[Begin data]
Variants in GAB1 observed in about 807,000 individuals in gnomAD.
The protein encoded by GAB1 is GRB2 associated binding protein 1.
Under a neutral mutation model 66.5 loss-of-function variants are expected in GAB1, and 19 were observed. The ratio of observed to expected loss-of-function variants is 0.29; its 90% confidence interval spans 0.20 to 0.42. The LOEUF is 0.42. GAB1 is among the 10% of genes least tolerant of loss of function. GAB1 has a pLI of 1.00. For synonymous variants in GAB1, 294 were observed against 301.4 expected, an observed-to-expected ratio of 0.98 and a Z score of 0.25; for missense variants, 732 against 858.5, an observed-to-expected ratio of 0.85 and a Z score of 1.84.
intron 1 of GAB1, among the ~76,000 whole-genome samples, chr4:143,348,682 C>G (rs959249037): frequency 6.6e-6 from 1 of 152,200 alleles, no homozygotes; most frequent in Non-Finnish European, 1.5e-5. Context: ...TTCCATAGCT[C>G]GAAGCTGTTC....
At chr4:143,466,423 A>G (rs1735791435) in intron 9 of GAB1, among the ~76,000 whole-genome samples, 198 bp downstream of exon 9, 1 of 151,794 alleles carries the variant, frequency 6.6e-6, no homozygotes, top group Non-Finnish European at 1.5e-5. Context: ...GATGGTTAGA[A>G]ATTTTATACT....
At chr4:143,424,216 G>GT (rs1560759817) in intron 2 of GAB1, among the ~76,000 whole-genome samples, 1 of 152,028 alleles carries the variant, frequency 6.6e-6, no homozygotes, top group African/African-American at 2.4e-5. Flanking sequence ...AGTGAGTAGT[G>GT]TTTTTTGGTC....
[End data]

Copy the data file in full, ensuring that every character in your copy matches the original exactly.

Variants in GAB1 observed in about 807,000 individuals in gnomAD.
The protein encoded by GAB1 is GRB2 associated binding protein 1.
Under a neutral mutation model 66.5 loss-of-function variants are expected in GAB1, and 19 were observed. The ratio of observed to expected loss-of-function variants is 0.29; its 90% confidence interval spans 0.20 to 0.42. The LOEUF is 0.42. GAB1 is among the 10% of genes least tolerant of loss of function. GAB1 has a pLI of 1.00. For synonymous variants in GAB1, 294 were observed against 301.4 expected, an observed-to-expected ratio of 0.98 and a Z score of 0.25; for missense variants, 732 against 858.5, an observed-to-expected ratio of 0.85 and a Z score of 1.84.
intron 1 of GAB1, among the ~76,000 whole-genome samples, chr4:143,348,682 C>G (rs959249037): frequency 6.6e-6 from 1 of 152,200 alleles, no homozygotes; most frequent in Non-Finnish European, 1.5e-5. Context: ...TTCCATAGCT[C>G]GAAGCTGTTC....
At chr4:143,466,423 A>G (rs1735791435) in intron 9 of GAB1, among the ~76,000 whole-genome samples, 198 bp downstream of exon 9, 1 of 151,794 alleles carries the variant, frequency 6.6e-6, no homozygotes, top group Non-Finnish European at 1.5e-5. Context: ...GATGGTTAGA[A>G]ATTTTATACT....
At chr4:143,424,216 G>GT (rs1560759817) in intron 2 of GAB1, among the ~76,000 whole-genome samples, 1 of 152,028 alleles carries the variant, frequency 6.6e-6, no homozygotes, top group African/African-American at 2.4e-5. Flanking sequence ...AGTGAGTAGT[G>GT]TTTTTTGGTC....